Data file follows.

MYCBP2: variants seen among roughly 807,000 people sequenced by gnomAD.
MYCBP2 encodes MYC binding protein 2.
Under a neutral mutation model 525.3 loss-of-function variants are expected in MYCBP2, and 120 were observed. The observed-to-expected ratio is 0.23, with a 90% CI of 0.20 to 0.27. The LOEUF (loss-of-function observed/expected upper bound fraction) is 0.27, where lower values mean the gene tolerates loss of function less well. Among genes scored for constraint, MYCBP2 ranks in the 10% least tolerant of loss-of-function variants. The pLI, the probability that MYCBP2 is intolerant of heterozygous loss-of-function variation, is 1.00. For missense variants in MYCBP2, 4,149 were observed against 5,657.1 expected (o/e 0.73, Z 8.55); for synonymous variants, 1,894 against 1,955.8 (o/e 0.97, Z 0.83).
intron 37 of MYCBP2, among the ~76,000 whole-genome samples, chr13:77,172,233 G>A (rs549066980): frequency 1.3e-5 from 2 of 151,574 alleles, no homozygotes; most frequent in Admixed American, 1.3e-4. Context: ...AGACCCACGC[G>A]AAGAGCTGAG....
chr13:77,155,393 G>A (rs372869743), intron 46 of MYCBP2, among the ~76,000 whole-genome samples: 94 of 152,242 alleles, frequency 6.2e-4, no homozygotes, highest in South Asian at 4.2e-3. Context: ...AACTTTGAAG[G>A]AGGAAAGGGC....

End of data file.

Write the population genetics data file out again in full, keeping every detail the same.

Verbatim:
MYCBP2: variants seen among roughly 807,000 people sequenced by gnomAD.
MYCBP2 encodes MYC binding protein 2.
Under a neutral mutation model 525.3 loss-of-function variants are expected in MYCBP2, and 120 were observed. The observed-to-expected ratio is 0.23, with a 90% CI of 0.20 to 0.27. The LOEUF (loss-of-function observed/expected upper bound fraction) is 0.27, where lower values mean the gene tolerates loss of function less well. Among genes scored for constraint, MYCBP2 ranks in the 10% least tolerant of loss-of-function variants. The pLI, the probability that MYCBP2 is intolerant of heterozygous loss-of-function variation, is 1.00. For missense variants in MYCBP2, 4,149 were observed against 5,657.1 expected (o/e 0.73, Z 8.55); for synonymous variants, 1,894 against 1,955.8 (o/e 0.97, Z 0.83).
intron 37 of MYCBP2, among the ~76,000 whole-genome samples, chr13:77,172,233 G>A (rs549066980): frequency 1.3e-5 from 2 of 151,574 alleles, no homozygotes; most frequent in Admixed American, 1.3e-4. Context: ...AGACCCACGC[G>A]AAGAGCTGAG....
chr13:77,155,393 G>A (rs372869743), intron 46 of MYCBP2, among the ~76,000 whole-genome samples: 94 of 152,242 alleles, frequency 6.2e-4, no homozygotes, highest in South Asian at 4.2e-3. Context: ...AACTTTGAAG[G>A]AGGAAAGGGC....